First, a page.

I usually reserve fine dining for the weekend, when I can take some time and really enjoy myself, but some weekdays also call for a decadent meal. One Wednesday evening after a grueling day at work, I headed to Kata Robata. Since being named number two on Alison Cook's list, the place has been packed most nights, particularly on the weekends. On that Wednesday evening, there was still about a half-hour wait.
Kata Robata is a part of the Azuma Group, along with Azuma (three different locations) and Soma Sushi. Kata Robata, to me, is the star of the three. Billed as sushi and Japanese tapas, the offerings here are by far the most creative and intriguing, and the restaurant clearly belongs on Cook's list. Along with Kata Robata's regular menu, the restaurant has a changing specials menu that includes specialty cocktails, innovative dishes from Executive Chef Manabu Horiuchi and desserts from Pastry Chef Chris Leung.
To start, I ordered the Kobe Beef Carpaccio, American Kobe, of course. Paper-thin, delicate slices of marbled beef were laid out perfectly on a cold plate, topped with micro-greens dressed in a light vinaigrette. The beef was front and center, the fattiness cut with a slight sweetness.
My next dish was from the specials menu, beef tongue and mozzarella salad -- a curious combination that worked so well. Thin slices of grilled beef tongue were arranged atop mozzarella and beefsteak tomatoes, and dressed with arugula drizzled with the same light vinaigrette. The beef tongue was tender, with hints of char from the grilling, the mozzarella's creaminess complemented the meatiness, and the tomatoes and dressing added the perfect amount of acidity.
What is decadence without bone marrow and foie gras? And those were my next dishes. I've had great bone marrow at other restaurants -- Brasserie Max and Julie, Branchwater Tavern and sorely missed Stella Stola, come to mind -- but I think Kata Robata would be number one on my list.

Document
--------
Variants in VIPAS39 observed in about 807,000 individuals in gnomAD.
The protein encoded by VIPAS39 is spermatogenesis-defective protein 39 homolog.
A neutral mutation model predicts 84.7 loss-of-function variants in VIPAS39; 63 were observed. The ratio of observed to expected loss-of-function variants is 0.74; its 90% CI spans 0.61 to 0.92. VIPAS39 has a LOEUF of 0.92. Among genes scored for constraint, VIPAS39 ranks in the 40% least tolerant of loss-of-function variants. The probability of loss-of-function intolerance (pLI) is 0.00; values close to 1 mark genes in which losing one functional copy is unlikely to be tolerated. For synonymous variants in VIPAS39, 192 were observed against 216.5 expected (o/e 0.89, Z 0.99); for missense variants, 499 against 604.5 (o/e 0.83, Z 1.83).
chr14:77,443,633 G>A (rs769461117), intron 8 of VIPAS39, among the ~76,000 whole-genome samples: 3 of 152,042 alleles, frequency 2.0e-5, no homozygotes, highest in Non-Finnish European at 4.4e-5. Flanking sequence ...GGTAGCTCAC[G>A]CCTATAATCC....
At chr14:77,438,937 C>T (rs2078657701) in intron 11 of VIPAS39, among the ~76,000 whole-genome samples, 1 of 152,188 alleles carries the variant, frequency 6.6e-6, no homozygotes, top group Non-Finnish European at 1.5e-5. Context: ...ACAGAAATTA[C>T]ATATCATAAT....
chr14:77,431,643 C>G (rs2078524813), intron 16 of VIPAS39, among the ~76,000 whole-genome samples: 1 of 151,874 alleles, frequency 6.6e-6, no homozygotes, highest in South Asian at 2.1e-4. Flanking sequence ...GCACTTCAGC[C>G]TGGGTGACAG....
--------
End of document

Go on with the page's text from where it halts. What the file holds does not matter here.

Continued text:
The bone marrow isn't for wusses. It's a thick, deep bone amply filled with buttery, rich goodness. The difference here is the miso crust, caramelized on top until golden-brown. You crack into it almost as you would a crème brûlée. Spread on top of a slice of toast and sprinkled with just a hint of sea salt, it is the definition of decadence.
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And finally, the pièce de résistance: three pieces of foie gras sushi, simply grilled, brushed with a hint of a glaze, wrapped in a sliver of nori. It is an explosion of umami in your mouth. It's rich, beefy and unctuous, reminiscent of charred fat on a good steak with a mild liver flavor. These two paired together are a definite contender for my last meal.
Kata Robata deserves the attention it is getting. The food is top-notch in taste, quality and presentation, the service is always stellar, and the ambience is never too stuffy or pretentious. If there was ever a place to indulge, this is it.